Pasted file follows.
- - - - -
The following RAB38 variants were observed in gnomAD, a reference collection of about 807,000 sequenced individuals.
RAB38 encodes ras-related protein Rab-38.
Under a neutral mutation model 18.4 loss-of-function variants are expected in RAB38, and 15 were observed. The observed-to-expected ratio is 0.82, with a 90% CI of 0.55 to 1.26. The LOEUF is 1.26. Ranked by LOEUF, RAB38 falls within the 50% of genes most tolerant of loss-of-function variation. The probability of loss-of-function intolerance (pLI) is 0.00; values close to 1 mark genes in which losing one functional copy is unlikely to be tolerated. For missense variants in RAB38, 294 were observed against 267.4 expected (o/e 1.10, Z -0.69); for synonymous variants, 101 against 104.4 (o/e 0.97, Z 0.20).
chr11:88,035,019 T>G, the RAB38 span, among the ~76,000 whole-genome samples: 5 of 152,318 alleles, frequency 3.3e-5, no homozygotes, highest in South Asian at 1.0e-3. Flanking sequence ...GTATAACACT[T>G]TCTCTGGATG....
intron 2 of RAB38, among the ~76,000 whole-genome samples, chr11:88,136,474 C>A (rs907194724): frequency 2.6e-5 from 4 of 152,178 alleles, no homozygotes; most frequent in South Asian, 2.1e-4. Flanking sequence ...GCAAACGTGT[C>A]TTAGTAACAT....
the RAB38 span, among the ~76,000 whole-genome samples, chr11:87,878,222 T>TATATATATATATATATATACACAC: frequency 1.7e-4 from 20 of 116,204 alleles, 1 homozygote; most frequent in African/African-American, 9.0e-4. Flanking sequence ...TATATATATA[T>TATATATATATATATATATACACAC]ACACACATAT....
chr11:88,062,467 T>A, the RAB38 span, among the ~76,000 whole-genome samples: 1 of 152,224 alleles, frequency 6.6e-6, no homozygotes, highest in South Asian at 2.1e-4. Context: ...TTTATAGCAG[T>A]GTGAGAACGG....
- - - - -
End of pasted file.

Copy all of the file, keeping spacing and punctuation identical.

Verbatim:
The following RAB38 variants were observed in gnomAD, a reference collection of about 807,000 sequenced individuals.
RAB38 encodes ras-related protein Rab-38.
Under a neutral mutation model 18.4 loss-of-function variants are expected in RAB38, and 15 were observed. The observed-to-expected ratio is 0.82, with a 90% CI of 0.55 to 1.26. The LOEUF is 1.26. Ranked by LOEUF, RAB38 falls within the 50% of genes most tolerant of loss-of-function variation. The probability of loss-of-function intolerance (pLI) is 0.00; values close to 1 mark genes in which losing one functional copy is unlikely to be tolerated. For missense variants in RAB38, 294 were observed against 267.4 expected (o/e 1.10, Z -0.69); for synonymous variants, 101 against 104.4 (o/e 0.97, Z 0.20).
chr11:88,035,019 T>G, the RAB38 span, among the ~76,000 whole-genome samples: 5 of 152,318 alleles, frequency 3.3e-5, no homozygotes, highest in South Asian at 1.0e-3. Flanking sequence ...GTATAACACT[T>G]TCTCTGGATG....
intron 2 of RAB38, among the ~76,000 whole-genome samples, chr11:88,136,474 C>A (rs907194724): frequency 2.6e-5 from 4 of 152,178 alleles, no homozygotes; most frequent in South Asian, 2.1e-4. Flanking sequence ...GCAAACGTGT[C>A]TTAGTAACAT....
the RAB38 span, among the ~76,000 whole-genome samples, chr11:87,878,222 T>TATATATATATATATATATACACAC: frequency 1.7e-4 from 20 of 116,204 alleles, 1 homozygote; most frequent in African/African-American, 9.0e-4. Flanking sequence ...TATATATATA[T>TATATATATATATATATATACACAC]ACACACATAT....
chr11:88,062,467 T>A, the RAB38 span, among the ~76,000 whole-genome samples: 1 of 152,224 alleles, frequency 6.6e-6, no homozygotes, highest in South Asian at 2.1e-4. Context: ...TTTATAGCAG[T>A]GTGAGAACGG....